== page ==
Wednesday, 24 July 2013

Union Jackie

‘I’m Alright Jack’ (1959) is perhaps one of the Boulting Brothers’ best known films.  It features so many famous faces that it’s hard to pick out just one actor or actress to focus on.  It is one of Peter Sellers’ best known roles, but how can you single him out over Dennis Price, Ian Carmichael and Richard Attenborough?  There are also fine performances from Margaret Rutherford, Irene Handl and Liz Fraser.  It was reading Liz Fraser’s autobiography which reminded me of the film – she has such fond memories of her time on this set, the actors seem to have had fun, which shines through in their performances.
Sellers as Kite by @aitchteee

The film is of course well known for its acerbic take on industrial relations in post war Britain.  As well as industrialists being portrayed as a bunch of sly old robbers, the trade unionists are shown in a highly unflattering light.  I was particularly interested in this side of the storyline.  My old day job for an anti-poverty group brought me into contact with a lot of trade unionist types and I have spent many an hour hanging around the TUC HQ in London, and at various conferences.  In fact, I was at the TUC conference when the 9/11 attacks occurred, which put me in the highly disconcerting position of being in the same building as the Prime Minister as the country went into red alert.  I won’t forget that day in a hurry.  So this puts me in a position of being able to compare and contrast modern trade unionism with that depicted on the screen as being typical of the 1950s.  It would be obvious to say that we can conclude that there has been a significant loss of power and membership.  Also that this film, even if it is an exaggeration, shows the reasons why certain people determined to strip unions of every power.  But the aspect that I was most drawn to was the gender balance.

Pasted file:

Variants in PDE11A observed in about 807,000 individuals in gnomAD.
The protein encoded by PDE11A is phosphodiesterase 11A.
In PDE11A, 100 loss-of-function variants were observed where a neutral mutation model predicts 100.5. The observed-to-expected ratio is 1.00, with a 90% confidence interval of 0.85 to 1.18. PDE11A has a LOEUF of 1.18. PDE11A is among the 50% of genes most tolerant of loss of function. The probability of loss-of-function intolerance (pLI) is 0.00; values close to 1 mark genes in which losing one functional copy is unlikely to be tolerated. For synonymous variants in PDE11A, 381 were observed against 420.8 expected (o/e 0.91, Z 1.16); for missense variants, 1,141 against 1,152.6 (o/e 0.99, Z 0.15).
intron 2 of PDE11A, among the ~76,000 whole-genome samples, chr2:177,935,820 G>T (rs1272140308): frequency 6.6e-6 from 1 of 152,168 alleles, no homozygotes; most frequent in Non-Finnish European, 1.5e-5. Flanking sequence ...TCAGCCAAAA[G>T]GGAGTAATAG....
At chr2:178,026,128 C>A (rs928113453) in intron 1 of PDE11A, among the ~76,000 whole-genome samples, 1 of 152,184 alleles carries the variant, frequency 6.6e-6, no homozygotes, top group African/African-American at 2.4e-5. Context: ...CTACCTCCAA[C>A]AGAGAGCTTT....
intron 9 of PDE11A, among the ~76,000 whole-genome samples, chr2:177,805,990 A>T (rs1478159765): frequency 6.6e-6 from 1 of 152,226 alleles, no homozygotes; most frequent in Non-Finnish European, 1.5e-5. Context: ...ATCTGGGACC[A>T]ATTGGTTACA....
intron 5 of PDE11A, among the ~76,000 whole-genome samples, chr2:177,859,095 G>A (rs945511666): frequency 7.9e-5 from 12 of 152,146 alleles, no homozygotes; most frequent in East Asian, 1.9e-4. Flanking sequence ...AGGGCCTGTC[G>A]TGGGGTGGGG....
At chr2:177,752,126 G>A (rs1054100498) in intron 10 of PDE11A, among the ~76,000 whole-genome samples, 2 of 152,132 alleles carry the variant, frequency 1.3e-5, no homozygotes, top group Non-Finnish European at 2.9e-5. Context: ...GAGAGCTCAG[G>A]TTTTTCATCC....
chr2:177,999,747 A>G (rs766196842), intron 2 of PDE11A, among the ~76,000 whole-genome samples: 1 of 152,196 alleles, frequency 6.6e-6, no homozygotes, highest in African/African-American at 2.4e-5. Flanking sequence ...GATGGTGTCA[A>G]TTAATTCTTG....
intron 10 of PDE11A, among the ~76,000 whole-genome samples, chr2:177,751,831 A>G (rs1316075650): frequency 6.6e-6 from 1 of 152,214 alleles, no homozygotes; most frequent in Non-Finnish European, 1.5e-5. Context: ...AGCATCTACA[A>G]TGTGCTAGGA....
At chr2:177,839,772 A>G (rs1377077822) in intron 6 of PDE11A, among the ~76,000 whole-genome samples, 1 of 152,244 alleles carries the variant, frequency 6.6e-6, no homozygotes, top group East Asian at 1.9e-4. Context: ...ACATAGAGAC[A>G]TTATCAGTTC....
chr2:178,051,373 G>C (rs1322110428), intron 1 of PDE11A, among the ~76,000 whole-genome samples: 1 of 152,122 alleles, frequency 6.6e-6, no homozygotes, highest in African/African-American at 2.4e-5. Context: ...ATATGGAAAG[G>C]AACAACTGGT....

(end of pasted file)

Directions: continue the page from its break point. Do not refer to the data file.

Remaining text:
In ‘I’m Alright Jack’ the union is portrayed as a kind of working class gentlemens' club.  Sellers’ character as shop steward leads a gang of all male committee members/hangers on.  No women are shown as union members, and if their activity has any effect on women, it is to inconvenience them and give them opportunity to roll their eyes and indulge their menfolk.  This demographic is changing considerably.  At the beginning of the 21st century, the number of female trade union members overtook the number of males and the gap is steadily getting wider.  This is yet to be reflected in the higher echelons perhaps – there are few female General Secretaries out there among the individual unions.  But as of this year, the TUC is being led by its first female General Secretary in its long history.  Trade unions are truly moving on from their image of a fusty old male’s domain.

But aside from all this positivity, we must question why more women now feel the need to join a union.  Is it because we still feel that we need protection from unscrupulous employers and that our working conditions are not as they should be?  Is it because women do all the worst jobs? Or have we now just got more nous when it comes to standing up for ourselves than we ever had before?

‘I’m Alright Jack’ shows us that in fact, although women have muscled their way in to the workplace since 1959, there is still plenty of reasons for us to join together and call for continued progress.  Sadly, we’re not there yet.  

Friday, 12 July 2013

An Escort to the Station

‘Miss London Limited’ (1943) is a jolly Arthur Askey vehicle and wartime morale booster.  Old time rail enthusiasts will love the opening scenes.  As Waterloo Station (I wonder why it’s always Waterloo?) bustles away below her announcer’s box, Anne Shelton belts out a very catchy song called “The 8.50 Choo Choo for Waterloo Choo”.  This in itself educates as well as entertains, with its roll call of Southern railway stations that were – and still are – served by this London terminus.  You even learn where you had to change for Brockenhurst!  I’ve watched this opening song a good half a dozen times now, and not once has the sight of the song lyrics appearing on the departures board failed to raise a laugh. Come to think of it, neither has Evelyn Dall’s hat as she alights said 8.50 choo choo.  Forties fashionistas may also find much to amuse and delight in this film.